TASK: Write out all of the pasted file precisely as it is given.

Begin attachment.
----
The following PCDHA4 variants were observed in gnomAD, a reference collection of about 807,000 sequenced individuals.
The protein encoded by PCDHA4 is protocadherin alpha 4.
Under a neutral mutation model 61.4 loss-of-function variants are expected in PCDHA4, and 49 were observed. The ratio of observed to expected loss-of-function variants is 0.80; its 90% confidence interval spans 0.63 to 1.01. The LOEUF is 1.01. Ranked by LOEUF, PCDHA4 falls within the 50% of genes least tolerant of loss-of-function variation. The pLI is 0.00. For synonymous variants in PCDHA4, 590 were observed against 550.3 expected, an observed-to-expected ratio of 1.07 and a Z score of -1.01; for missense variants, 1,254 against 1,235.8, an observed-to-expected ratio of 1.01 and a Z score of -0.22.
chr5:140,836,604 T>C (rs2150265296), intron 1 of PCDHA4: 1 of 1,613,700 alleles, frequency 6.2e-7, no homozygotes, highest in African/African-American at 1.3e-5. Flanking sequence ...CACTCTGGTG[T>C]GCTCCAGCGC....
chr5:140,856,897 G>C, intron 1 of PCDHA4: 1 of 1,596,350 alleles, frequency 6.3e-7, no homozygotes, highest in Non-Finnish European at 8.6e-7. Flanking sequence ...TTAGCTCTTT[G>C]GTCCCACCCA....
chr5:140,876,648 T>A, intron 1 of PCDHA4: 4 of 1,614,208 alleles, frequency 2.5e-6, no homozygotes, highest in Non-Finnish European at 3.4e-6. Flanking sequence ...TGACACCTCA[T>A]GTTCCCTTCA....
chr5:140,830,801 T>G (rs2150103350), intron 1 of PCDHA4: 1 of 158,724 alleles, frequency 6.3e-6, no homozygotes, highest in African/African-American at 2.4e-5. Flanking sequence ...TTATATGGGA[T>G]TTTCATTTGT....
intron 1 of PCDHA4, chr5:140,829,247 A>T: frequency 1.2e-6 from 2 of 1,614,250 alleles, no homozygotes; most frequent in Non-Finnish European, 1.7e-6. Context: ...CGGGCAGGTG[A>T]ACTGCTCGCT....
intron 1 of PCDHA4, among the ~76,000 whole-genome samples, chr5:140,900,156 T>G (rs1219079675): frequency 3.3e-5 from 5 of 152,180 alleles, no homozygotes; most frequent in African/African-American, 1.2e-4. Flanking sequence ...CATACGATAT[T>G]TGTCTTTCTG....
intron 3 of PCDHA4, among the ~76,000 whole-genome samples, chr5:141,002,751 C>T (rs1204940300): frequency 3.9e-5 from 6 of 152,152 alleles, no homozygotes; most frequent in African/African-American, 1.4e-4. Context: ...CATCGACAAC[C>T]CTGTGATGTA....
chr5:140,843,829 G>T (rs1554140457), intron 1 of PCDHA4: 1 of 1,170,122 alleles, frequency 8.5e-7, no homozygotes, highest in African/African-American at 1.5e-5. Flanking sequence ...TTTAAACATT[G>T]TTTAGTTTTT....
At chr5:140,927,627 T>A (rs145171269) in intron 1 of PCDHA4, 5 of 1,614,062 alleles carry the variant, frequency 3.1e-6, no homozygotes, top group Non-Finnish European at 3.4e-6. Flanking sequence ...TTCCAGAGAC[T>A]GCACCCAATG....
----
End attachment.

The following PCDHA4 variants were observed in gnomAD, a reference collection of about 807,000 sequenced individuals.
The protein encoded by PCDHA4 is protocadherin alpha 4.
Under a neutral mutation model 61.4 loss-of-function variants are expected in PCDHA4, and 49 were observed. The ratio of observed to expected loss-of-function variants is 0.80; its 90% confidence interval spans 0.63 to 1.01. The LOEUF is 1.01. Ranked by LOEUF, PCDHA4 falls within the 50% of genes least tolerant of loss-of-function variation. The pLI is 0.00. For synonymous variants in PCDHA4, 590 were observed against 550.3 expected, an observed-to-expected ratio of 1.07 and a Z score of -1.01; for missense variants, 1,254 against 1,235.8, an observed-to-expected ratio of 1.01 and a Z score of -0.22.
chr5:140,836,604 T>C (rs2150265296), intron 1 of PCDHA4: 1 of 1,613,700 alleles, frequency 6.2e-7, no homozygotes, highest in African/African-American at 1.3e-5. Flanking sequence ...CACTCTGGTG[T>C]GCTCCAGCGC....
chr5:140,856,897 G>C, intron 1 of PCDHA4: 1 of 1,596,350 alleles, frequency 6.3e-7, no homozygotes, highest in Non-Finnish European at 8.6e-7. Flanking sequence ...TTAGCTCTTT[G>C]GTCCCACCCA....
chr5:140,876,648 T>A, intron 1 of PCDHA4: 4 of 1,614,208 alleles, frequency 2.5e-6, no homozygotes, highest in Non-Finnish European at 3.4e-6. Flanking sequence ...TGACACCTCA[T>A]GTTCCCTTCA....
chr5:140,830,801 T>G (rs2150103350), intron 1 of PCDHA4: 1 of 158,724 alleles, frequency 6.3e-6, no homozygotes, highest in African/African-American at 2.4e-5. Flanking sequence ...TTATATGGGA[T>G]TTTCATTTGT....
intron 1 of PCDHA4, chr5:140,829,247 A>T: frequency 1.2e-6 from 2 of 1,614,250 alleles, no homozygotes; most frequent in Non-Finnish European, 1.7e-6. Context: ...CGGGCAGGTG[A>T]ACTGCTCGCT....
intron 1 of PCDHA4, among the ~76,000 whole-genome samples, chr5:140,900,156 T>G (rs1219079675): frequency 3.3e-5 from 5 of 152,180 alleles, no homozygotes; most frequent in African/African-American, 1.2e-4. Flanking sequence ...CATACGATAT[T>G]TGTCTTTCTG....
intron 3 of PCDHA4, among the ~76,000 whole-genome samples, chr5:141,002,751 C>T (rs1204940300): frequency 3.9e-5 from 6 of 152,152 alleles, no homozygotes; most frequent in African/African-American, 1.4e-4. Context: ...CATCGACAAC[C>T]CTGTGATGTA....
chr5:140,843,829 G>T (rs1554140457), intron 1 of PCDHA4: 1 of 1,170,122 alleles, frequency 8.5e-7, no homozygotes, highest in African/African-American at 1.5e-5. Flanking sequence ...TTTAAACATT[G>T]TTTAGTTTTT....
At chr5:140,927,627 T>A (rs145171269) in intron 1 of PCDHA4, 5 of 1,614,062 alleles carry the variant, frequency 3.1e-6, no homozygotes, top group Non-Finnish European at 3.4e-6. Flanking sequence ...TTCCAGAGAC[T>A]GCACCCAATG....